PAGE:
The narrow alleyway leading to the Chabad House in Kishinev, Moldova, was blocked by a truck; the beautiful, 130-year-old synagogue is undergoing a comprehensive overhaul. Workers are pouring concrete.

“We planned on only doing a cosmetic renovation,” said Rabbi Zusha Abelsky. “But the engineer banged on the pillars to the second floor, and we discovered it was all rotting. The renovation itself is a very good thing, but in the middle of it all, a war started.”

Abelsky is the son of Rabbi Zalman Abelsky, who founded Kishinev’s Chabad House in 1989. After he passed, Zusha took the reins, traveling back and forth between Moldova and the United States. Since the war in Ukraine began, he hasn’t left Kishinev, even though his wife and children are across the ocean. He runs around day and night in an effort to absorb and help refugees. Next to the tiny, temporary kitchen is a small prayer hall that has been converted into a meal-packing warehouse.

“Five hundred meals have already been packaged and distributed to the refugees, and now we’re packing another 500,” said Shmulik Zalmanov from Migdal Haemek in Israel, who has lived with his family in Kishinev for the past two years as the Chabad emissary to the city.

“The one-thousand kosher meals we cook every day and distribute to the Jewish refugees who are dispersed throughout the various facilities in Kishinev—we make here in a small, temporary kitchen,” said Rabbi Abelsky. “We’ve added more workers, and everyone cooks around the clock,” he added, noting that one of their main partners in the effort is the International Fellowship of Christians and Jews.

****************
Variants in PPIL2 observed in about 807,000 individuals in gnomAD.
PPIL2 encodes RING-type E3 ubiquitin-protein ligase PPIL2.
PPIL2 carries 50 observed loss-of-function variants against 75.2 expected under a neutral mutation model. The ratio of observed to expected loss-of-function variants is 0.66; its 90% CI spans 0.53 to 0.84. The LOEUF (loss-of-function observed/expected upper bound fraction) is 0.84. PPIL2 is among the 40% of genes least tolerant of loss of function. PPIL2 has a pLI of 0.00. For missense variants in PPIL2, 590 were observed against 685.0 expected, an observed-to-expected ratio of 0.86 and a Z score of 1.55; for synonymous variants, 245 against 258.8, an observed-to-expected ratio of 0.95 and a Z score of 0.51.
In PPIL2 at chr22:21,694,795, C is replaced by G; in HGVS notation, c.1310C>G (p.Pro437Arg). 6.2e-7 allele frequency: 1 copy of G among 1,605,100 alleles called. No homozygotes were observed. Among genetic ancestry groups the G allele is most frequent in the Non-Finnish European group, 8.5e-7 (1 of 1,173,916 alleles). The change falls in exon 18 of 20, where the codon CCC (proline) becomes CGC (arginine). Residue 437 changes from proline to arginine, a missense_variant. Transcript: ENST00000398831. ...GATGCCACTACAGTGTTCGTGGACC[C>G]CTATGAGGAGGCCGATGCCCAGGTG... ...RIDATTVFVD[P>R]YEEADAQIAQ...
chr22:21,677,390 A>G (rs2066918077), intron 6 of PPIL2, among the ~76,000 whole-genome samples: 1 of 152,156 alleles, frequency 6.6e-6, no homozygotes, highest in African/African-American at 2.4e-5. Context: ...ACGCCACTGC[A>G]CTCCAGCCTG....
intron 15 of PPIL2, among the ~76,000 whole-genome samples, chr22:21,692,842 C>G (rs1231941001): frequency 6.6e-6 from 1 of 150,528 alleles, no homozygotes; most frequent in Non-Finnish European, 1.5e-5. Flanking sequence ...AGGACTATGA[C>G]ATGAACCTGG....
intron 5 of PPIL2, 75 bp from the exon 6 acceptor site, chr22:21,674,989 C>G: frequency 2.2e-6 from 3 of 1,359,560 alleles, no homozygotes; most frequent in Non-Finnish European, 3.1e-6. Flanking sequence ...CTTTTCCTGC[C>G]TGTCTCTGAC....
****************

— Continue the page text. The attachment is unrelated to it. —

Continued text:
“Our main goal isn’t to only compensate for what the refugees don’t have but to give them a good feeling and make them happy. It is touching every single time to see the joy of the children and adults when they receive Purim baskets,” said Zalmanov.

Among the youngsters packing the meals are two women refugees who volunteered for the task. One of them is Nadia Serman, from Kyiv.

“When the war erupted I was working at the time in Uman. I managed to make it to Odessa, and from there took a bus provided by the Jewish community to Moldova. My daughter escaped to Romania, and I hope to meet her in Israel,” she said. Despite her warm, smiling face, she is on the verge of tears. She has been waiting in Kishinev for 11 days now. Her appointment at the Israeli consulate, which is struggling to keep up with the immigration requests, was scheduled for Wednesday.

“On [Wednesday afternoon] we will erect a large tent in the yard, with heaters, where we will read the Scroll of Esther,” said Rabbi Abelsky. “We are also organizing a Purim party for the preschool children on Thursday, and maybe we’ll even manage by then to get our hands on some costumes for them,” he added.

“Although there are kids here with almost no regular clothes, it’s still important to make them happy with costumes. We are already making plans for Passover as well. Every Chabad emissary knows that even in normal times, Passover plans begin as early as Hanukkah. We were used to shipping out matzot from Odessa, but now they will be shipped from Israel,” he said.

This article first appeared in Israel Hayom.

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